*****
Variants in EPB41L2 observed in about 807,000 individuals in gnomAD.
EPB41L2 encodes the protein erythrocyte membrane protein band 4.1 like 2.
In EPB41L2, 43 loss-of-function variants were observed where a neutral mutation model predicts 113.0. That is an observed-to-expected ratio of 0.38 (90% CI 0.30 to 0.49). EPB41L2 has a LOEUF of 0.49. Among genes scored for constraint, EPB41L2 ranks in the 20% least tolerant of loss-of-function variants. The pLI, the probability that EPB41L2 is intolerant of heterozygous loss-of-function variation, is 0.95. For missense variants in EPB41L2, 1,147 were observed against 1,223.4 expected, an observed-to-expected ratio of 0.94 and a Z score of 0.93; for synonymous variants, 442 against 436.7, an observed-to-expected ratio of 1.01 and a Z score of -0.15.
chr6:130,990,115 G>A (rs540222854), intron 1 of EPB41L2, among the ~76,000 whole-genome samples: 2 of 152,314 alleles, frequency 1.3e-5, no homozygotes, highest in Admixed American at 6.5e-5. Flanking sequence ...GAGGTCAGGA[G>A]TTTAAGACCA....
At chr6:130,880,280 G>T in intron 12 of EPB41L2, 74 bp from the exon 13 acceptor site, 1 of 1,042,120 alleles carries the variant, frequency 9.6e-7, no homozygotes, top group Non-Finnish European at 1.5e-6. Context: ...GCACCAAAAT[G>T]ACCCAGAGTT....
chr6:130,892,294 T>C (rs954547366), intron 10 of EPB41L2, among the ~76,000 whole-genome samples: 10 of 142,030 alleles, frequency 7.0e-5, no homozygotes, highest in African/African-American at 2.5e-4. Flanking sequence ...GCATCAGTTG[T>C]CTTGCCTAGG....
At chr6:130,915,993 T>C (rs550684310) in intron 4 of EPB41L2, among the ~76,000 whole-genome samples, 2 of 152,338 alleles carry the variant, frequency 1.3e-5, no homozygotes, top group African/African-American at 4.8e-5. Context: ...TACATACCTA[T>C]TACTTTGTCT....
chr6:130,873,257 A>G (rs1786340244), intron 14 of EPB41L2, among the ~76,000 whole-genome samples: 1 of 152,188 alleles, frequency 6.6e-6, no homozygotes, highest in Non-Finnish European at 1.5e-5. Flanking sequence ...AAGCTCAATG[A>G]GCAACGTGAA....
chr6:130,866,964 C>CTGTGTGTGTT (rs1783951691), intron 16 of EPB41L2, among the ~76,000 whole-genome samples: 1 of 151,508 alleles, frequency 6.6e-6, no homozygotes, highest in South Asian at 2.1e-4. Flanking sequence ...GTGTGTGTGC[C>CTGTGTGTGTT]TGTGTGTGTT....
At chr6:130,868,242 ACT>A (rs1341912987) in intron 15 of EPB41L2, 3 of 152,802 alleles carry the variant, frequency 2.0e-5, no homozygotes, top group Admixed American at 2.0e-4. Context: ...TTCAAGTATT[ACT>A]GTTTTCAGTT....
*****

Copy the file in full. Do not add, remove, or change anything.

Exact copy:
Variants in EPB41L2 observed in about 807,000 individuals in gnomAD.
EPB41L2 encodes the protein erythrocyte membrane protein band 4.1 like 2.
In EPB41L2, 43 loss-of-function variants were observed where a neutral mutation model predicts 113.0. That is an observed-to-expected ratio of 0.38 (90% CI 0.30 to 0.49). EPB41L2 has a LOEUF of 0.49. Among genes scored for constraint, EPB41L2 ranks in the 20% least tolerant of loss-of-function variants. The pLI, the probability that EPB41L2 is intolerant of heterozygous loss-of-function variation, is 0.95. For missense variants in EPB41L2, 1,147 were observed against 1,223.4 expected, an observed-to-expected ratio of 0.94 and a Z score of 0.93; for synonymous variants, 442 against 436.7, an observed-to-expected ratio of 1.01 and a Z score of -0.15.
chr6:130,990,115 G>A (rs540222854), intron 1 of EPB41L2, among the ~76,000 whole-genome samples: 2 of 152,314 alleles, frequency 1.3e-5, no homozygotes, highest in Admixed American at 6.5e-5. Flanking sequence ...GAGGTCAGGA[G>A]TTTAAGACCA....
At chr6:130,880,280 G>T in intron 12 of EPB41L2, 74 bp from the exon 13 acceptor site, 1 of 1,042,120 alleles carries the variant, frequency 9.6e-7, no homozygotes, top group Non-Finnish European at 1.5e-6. Context: ...GCACCAAAAT[G>T]ACCCAGAGTT....
chr6:130,892,294 T>C (rs954547366), intron 10 of EPB41L2, among the ~76,000 whole-genome samples: 10 of 142,030 alleles, frequency 7.0e-5, no homozygotes, highest in African/African-American at 2.5e-4. Flanking sequence ...GCATCAGTTG[T>C]CTTGCCTAGG....
At chr6:130,915,993 T>C (rs550684310) in intron 4 of EPB41L2, among the ~76,000 whole-genome samples, 2 of 152,338 alleles carry the variant, frequency 1.3e-5, no homozygotes, top group African/African-American at 4.8e-5. Context: ...TACATACCTA[T>C]TACTTTGTCT....
chr6:130,873,257 A>G (rs1786340244), intron 14 of EPB41L2, among the ~76,000 whole-genome samples: 1 of 152,188 alleles, frequency 6.6e-6, no homozygotes, highest in Non-Finnish European at 1.5e-5. Flanking sequence ...AAGCTCAATG[A>G]GCAACGTGAA....
chr6:130,866,964 C>CTGTGTGTGTT (rs1783951691), intron 16 of EPB41L2, among the ~76,000 whole-genome samples: 1 of 151,508 alleles, frequency 6.6e-6, no homozygotes, highest in South Asian at 2.1e-4. Flanking sequence ...GTGTGTGTGC[C>CTGTGTGTGTT]TGTGTGTGTT....
At chr6:130,868,242 ACT>A (rs1341912987) in intron 15 of EPB41L2, 3 of 152,802 alleles carry the variant, frequency 2.0e-5, no homozygotes, top group Admixed American at 2.0e-4. Context: ...TTCAAGTATT[ACT>A]GTTTTCAGTT....